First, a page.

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Dan's Review: "Dom Hemingway" has an identity problem
Apr 21, 2014 | 3353 views | 0 0 comments | 33 33 recommendations | email to a friend | print
Emilia Clarke and Jude Law in Dom Hemingway - © 2013 - Fox Searchlight
Emilia Clarke and Jude Law in Dom Hemingway - © 2013 - Fox Searchlight

Dom Hemingway (Fox Searchight)

Rated R for sexual content, nudity, pervasive language, some violence and drug use.

Starring Jude Law, Richard E. Grant, Demián Bichir, Emilia Clarke, Jumayn Hunter, Mădălina Diana Ghenea, Kerry Condon, Nathan Stewart-Jarrett.

Written and directed by Richard Shepard.



Some say it’s good to be bad, but sometimes it’s just…bad. Dom Hemingway, a new film starring Jude Law in the title role – explores how bad life can be when you can’t control your morality (should you have any).

Law’s portrayal of Dom begins in British prison, where he’s spent the past decade or so for refusing to rat out his crime boss Mr. Fontaine (Demián Bichir). Once released from jail, Dom travels with his best pal Dickie (Richard E. Grant) to Fontaine’s palatial estate where he will be rewarded handsomely for his silence. While there, Dom is attracted to Fontaine’s beautiful mistress Paolina (Mădălina Diana Ghenea), gets drunk, insults his boss, parties with hookers, and ultimately ends up crashing a Rolls Royce convertible with everyone inside. In the chaos of the crash, Dom saves the life of Melody (Kerry Condon), one of the party hookers who tells him his good deed will pay off in great fortune at future moment when he really needs it. Because he took time to save Melody’s life, Paolina slips away and steals Dom’s reward money, leaving him destitute.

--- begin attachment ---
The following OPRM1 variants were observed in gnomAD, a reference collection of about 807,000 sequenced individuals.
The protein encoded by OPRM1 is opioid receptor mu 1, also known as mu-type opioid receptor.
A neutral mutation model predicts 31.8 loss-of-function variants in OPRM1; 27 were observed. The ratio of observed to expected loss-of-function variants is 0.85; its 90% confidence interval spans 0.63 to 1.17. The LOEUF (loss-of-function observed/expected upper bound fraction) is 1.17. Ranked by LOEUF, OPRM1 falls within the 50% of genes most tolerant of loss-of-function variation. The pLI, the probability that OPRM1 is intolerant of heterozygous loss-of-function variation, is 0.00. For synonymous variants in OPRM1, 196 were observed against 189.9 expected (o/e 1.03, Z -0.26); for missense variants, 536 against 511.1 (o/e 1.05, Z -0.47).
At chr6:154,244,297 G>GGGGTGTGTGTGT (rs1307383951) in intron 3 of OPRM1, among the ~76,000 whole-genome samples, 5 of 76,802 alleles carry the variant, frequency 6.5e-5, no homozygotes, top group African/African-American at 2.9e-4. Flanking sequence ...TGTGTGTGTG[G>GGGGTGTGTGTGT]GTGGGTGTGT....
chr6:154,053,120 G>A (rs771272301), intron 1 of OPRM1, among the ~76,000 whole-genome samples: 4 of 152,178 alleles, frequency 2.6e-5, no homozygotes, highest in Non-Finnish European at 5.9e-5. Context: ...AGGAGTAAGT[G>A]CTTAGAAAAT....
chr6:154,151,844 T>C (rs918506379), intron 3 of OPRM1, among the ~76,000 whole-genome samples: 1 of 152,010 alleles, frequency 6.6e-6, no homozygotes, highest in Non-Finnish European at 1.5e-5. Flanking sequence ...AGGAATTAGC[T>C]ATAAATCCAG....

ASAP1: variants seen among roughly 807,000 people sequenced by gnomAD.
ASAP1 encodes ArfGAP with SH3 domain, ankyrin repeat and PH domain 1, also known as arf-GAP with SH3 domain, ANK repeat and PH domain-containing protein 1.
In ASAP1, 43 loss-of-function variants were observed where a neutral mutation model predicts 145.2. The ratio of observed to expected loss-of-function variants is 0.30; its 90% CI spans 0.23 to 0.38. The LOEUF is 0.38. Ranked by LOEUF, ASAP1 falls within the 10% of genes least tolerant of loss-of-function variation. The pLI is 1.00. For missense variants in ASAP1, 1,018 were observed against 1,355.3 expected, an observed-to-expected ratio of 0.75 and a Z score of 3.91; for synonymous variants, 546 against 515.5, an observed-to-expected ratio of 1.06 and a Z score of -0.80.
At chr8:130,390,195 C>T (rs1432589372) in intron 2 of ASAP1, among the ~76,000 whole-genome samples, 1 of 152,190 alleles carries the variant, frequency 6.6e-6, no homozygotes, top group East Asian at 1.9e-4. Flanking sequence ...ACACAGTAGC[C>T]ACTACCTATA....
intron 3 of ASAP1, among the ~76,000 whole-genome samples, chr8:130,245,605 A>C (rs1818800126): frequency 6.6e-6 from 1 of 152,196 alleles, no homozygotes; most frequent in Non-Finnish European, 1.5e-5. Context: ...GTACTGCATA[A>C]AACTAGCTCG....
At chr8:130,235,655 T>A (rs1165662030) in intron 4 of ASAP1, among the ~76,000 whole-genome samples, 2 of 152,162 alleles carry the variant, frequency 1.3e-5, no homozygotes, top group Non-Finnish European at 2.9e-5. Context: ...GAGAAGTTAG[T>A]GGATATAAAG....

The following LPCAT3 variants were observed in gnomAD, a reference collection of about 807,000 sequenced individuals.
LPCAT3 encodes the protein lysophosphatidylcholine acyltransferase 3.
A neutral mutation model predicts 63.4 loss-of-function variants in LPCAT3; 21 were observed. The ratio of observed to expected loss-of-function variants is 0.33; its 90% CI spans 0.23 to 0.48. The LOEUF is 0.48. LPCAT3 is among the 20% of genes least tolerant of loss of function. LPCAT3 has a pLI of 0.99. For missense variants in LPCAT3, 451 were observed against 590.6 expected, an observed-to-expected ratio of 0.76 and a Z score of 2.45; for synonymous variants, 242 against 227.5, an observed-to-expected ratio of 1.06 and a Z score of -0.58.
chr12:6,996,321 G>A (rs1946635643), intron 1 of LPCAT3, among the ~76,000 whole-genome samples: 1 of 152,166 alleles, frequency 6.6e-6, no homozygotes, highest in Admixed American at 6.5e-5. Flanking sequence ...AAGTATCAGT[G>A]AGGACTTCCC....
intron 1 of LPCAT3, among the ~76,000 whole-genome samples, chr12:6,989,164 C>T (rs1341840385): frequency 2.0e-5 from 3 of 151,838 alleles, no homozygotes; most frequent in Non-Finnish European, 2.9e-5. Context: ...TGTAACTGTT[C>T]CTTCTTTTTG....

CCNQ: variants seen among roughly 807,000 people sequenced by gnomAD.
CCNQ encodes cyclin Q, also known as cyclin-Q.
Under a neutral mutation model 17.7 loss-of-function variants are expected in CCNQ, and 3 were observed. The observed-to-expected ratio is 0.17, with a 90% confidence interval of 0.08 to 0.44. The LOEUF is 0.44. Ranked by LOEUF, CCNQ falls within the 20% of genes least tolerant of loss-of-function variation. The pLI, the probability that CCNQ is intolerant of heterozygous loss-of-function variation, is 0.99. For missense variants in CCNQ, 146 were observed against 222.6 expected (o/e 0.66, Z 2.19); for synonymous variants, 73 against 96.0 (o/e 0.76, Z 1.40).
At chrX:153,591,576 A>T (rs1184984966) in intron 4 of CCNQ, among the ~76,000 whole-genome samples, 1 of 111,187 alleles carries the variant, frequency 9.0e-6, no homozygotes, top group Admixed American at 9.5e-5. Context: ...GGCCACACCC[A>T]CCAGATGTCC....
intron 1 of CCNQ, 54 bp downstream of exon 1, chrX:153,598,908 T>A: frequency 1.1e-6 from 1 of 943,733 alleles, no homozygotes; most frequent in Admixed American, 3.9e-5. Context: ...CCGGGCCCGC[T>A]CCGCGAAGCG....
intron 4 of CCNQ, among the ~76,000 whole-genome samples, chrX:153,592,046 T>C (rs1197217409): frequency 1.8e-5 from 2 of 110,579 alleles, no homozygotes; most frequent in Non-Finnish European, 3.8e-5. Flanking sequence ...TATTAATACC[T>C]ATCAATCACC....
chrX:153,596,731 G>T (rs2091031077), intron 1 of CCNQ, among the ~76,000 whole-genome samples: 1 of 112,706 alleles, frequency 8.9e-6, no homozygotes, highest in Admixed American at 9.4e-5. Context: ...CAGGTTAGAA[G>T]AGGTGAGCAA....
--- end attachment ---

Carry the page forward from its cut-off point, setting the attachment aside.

Injured and hung over, Dom returns to London, where he finds temporary shelter under the roof of his estranged daughter Evelyn (Emilia Clarke), who is a singer for an indie rock group living with her husband (Nathan Stewart-Jarrett) and young son (Jordan A. Nash). Desperate for work, Dom tries to re-enter his safecracking profession, and even goes to the son of an old rival (Jumayn Hunter) to get a leg up. When that doesn’t end right, Dom returns to Evelyn, hoping for a reunion and a relationship with his grandson. He laments that he missed most of Evelyn’s childhood and the death of his wife and her mother. Dom is soon faced with an opportunity for revenge, and must decide whether to continue a life in crime or take a chance on a relationship with his family.

The good news for Dom Hemingway is Jude Law, who relishes his performance in the lead role. He’s very good at playing a bad man with few morals, and it shows. The dialogue in Dom Hemingway is perhaps a little too rough and crude to be funny (note to filmmakers everywhere: the volume of f-bombs in your script does not necessarily equate to more laughs). The Dom Hemingway story is a little confusing as well. It starts out like other dark comedies, then transforms into something more surreal, and ends up like your garden-variety existential comedy (i.e. Love, Actually, etc.).

So, Dom Hemingway gets credit for a fine performance from Jude Law, but it’s a bit of a mess otherwise.

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